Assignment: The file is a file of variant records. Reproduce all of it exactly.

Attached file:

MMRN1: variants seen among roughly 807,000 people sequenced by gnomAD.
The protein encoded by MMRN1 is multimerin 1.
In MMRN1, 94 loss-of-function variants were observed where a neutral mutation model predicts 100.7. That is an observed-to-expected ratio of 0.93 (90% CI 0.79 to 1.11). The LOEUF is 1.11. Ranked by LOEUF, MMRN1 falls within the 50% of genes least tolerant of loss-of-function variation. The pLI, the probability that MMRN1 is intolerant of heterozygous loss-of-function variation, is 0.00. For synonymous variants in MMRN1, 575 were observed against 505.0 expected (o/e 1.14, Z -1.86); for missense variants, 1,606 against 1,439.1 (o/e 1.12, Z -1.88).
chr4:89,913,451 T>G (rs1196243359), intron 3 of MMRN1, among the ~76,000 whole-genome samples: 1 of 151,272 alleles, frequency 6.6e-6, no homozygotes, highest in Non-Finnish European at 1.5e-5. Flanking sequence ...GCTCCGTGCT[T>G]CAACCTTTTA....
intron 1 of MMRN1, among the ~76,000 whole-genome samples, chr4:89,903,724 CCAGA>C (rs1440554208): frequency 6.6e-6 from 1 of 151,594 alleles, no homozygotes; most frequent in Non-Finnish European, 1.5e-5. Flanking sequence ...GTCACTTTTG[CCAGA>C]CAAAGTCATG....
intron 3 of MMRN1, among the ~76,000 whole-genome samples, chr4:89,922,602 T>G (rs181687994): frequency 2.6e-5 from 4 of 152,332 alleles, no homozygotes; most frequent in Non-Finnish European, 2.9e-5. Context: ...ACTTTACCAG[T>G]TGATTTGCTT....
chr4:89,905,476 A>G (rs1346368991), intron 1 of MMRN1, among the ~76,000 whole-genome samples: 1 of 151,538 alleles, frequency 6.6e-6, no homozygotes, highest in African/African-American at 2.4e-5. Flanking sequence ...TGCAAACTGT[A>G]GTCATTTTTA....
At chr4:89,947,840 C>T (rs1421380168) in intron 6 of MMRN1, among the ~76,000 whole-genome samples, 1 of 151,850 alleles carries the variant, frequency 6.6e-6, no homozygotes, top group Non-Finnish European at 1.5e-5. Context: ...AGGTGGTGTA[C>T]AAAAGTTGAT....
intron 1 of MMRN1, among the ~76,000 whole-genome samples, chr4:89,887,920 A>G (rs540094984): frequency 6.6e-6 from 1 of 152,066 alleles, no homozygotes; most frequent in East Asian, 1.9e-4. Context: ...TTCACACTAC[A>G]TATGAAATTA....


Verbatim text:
MMRN1: variants seen among roughly 807,000 people sequenced by gnomAD.
The protein encoded by MMRN1 is multimerin 1.
In MMRN1, 94 loss-of-function variants were observed where a neutral mutation model predicts 100.7. That is an observed-to-expected ratio of 0.93 (90% CI 0.79 to 1.11). The LOEUF is 1.11. Ranked by LOEUF, MMRN1 falls within the 50% of genes least tolerant of loss-of-function variation. The pLI, the probability that MMRN1 is intolerant of heterozygous loss-of-function variation, is 0.00. For synonymous variants in MMRN1, 575 were observed against 505.0 expected (o/e 1.14, Z -1.86); for missense variants, 1,606 against 1,439.1 (o/e 1.12, Z -1.88).
chr4:89,913,451 T>G (rs1196243359), intron 3 of MMRN1, among the ~76,000 whole-genome samples: 1 of 151,272 alleles, frequency 6.6e-6, no homozygotes, highest in Non-Finnish European at 1.5e-5. Flanking sequence ...GCTCCGTGCT[T>G]CAACCTTTTA....
intron 1 of MMRN1, among the ~76,000 whole-genome samples, chr4:89,903,724 CCAGA>C (rs1440554208): frequency 6.6e-6 from 1 of 151,594 alleles, no homozygotes; most frequent in Non-Finnish European, 1.5e-5. Flanking sequence ...GTCACTTTTG[CCAGA>C]CAAAGTCATG....
intron 3 of MMRN1, among the ~76,000 whole-genome samples, chr4:89,922,602 T>G (rs181687994): frequency 2.6e-5 from 4 of 152,332 alleles, no homozygotes; most frequent in Non-Finnish European, 2.9e-5. Context: ...ACTTTACCAG[T>G]TGATTTGCTT....
chr4:89,905,476 A>G (rs1346368991), intron 1 of MMRN1, among the ~76,000 whole-genome samples: 1 of 151,538 alleles, frequency 6.6e-6, no homozygotes, highest in African/African-American at 2.4e-5. Flanking sequence ...TGCAAACTGT[A>G]GTCATTTTTA....
At chr4:89,947,840 C>T (rs1421380168) in intron 6 of MMRN1, among the ~76,000 whole-genome samples, 1 of 151,850 alleles carries the variant, frequency 6.6e-6, no homozygotes, top group Non-Finnish European at 1.5e-5. Context: ...AGGTGGTGTA[C>T]AAAAGTTGAT....
intron 1 of MMRN1, among the ~76,000 whole-genome samples, chr4:89,887,920 A>G (rs540094984): frequency 6.6e-6 from 1 of 152,066 alleles, no homozygotes; most frequent in East Asian, 1.9e-4. Context: ...TTCACACTAC[A>G]TATGAAATTA....